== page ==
A desert and a tundra are similar in that both of these regions receive little precipitation, have somewhat limited vegetation and experience cold temperatures at night. Along with forest, aquatic and grassland, tundra and desert are among the five major biomes on Earth.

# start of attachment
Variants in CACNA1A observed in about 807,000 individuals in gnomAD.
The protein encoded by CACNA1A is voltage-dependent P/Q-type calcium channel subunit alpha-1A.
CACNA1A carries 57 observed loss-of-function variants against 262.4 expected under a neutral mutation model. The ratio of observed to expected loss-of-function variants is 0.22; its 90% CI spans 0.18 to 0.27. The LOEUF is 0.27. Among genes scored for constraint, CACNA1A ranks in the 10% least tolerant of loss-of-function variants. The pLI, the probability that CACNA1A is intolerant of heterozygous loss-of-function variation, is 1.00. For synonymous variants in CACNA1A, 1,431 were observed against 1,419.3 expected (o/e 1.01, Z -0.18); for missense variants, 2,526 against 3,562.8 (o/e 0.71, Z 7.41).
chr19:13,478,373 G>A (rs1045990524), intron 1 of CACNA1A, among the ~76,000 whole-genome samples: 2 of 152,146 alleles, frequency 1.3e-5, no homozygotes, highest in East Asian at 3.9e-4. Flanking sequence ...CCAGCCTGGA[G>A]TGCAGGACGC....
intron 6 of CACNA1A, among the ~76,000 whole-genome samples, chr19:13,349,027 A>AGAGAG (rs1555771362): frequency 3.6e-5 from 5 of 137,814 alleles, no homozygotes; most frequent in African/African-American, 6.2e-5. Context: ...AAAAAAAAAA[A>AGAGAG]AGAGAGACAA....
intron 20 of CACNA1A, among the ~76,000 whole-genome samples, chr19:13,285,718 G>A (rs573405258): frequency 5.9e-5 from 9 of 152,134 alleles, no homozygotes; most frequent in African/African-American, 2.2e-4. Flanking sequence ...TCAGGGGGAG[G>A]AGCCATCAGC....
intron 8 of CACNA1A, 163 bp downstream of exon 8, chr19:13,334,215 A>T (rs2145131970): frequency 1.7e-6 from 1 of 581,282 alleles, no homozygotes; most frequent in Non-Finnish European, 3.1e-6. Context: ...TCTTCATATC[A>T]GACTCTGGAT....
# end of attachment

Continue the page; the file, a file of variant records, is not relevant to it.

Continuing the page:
Deserts comprise about 20 percent of the Earth. Four types of deserts make up the desert biome: cold, coastal, arid and semi-arid. Deserts are known for their low precipitation levels, and many are known for their hot climate. Even those that are hot in the daytime, however, experience cold nights because the dry air does not hold heat, allowing temperatures to cool down considerably at night. Cold deserts have long winters and cold temperatures. The tundra is cold with permafrost soil, which is not hospitable to plant life. The Arctic tundra is near the North Pole, and alpine tundra is comprised of mountainous areas located above the tree line. Antarctic tundra is near the South Pole. Tundra is located where the climate is dry and cold. About 1,700 species of plants grow in the tundra. The species of plants that grow in the desert depend on the particular desert, but some deserts are host to around 2,500 different species. Several hundred thousand species exist on the Earth.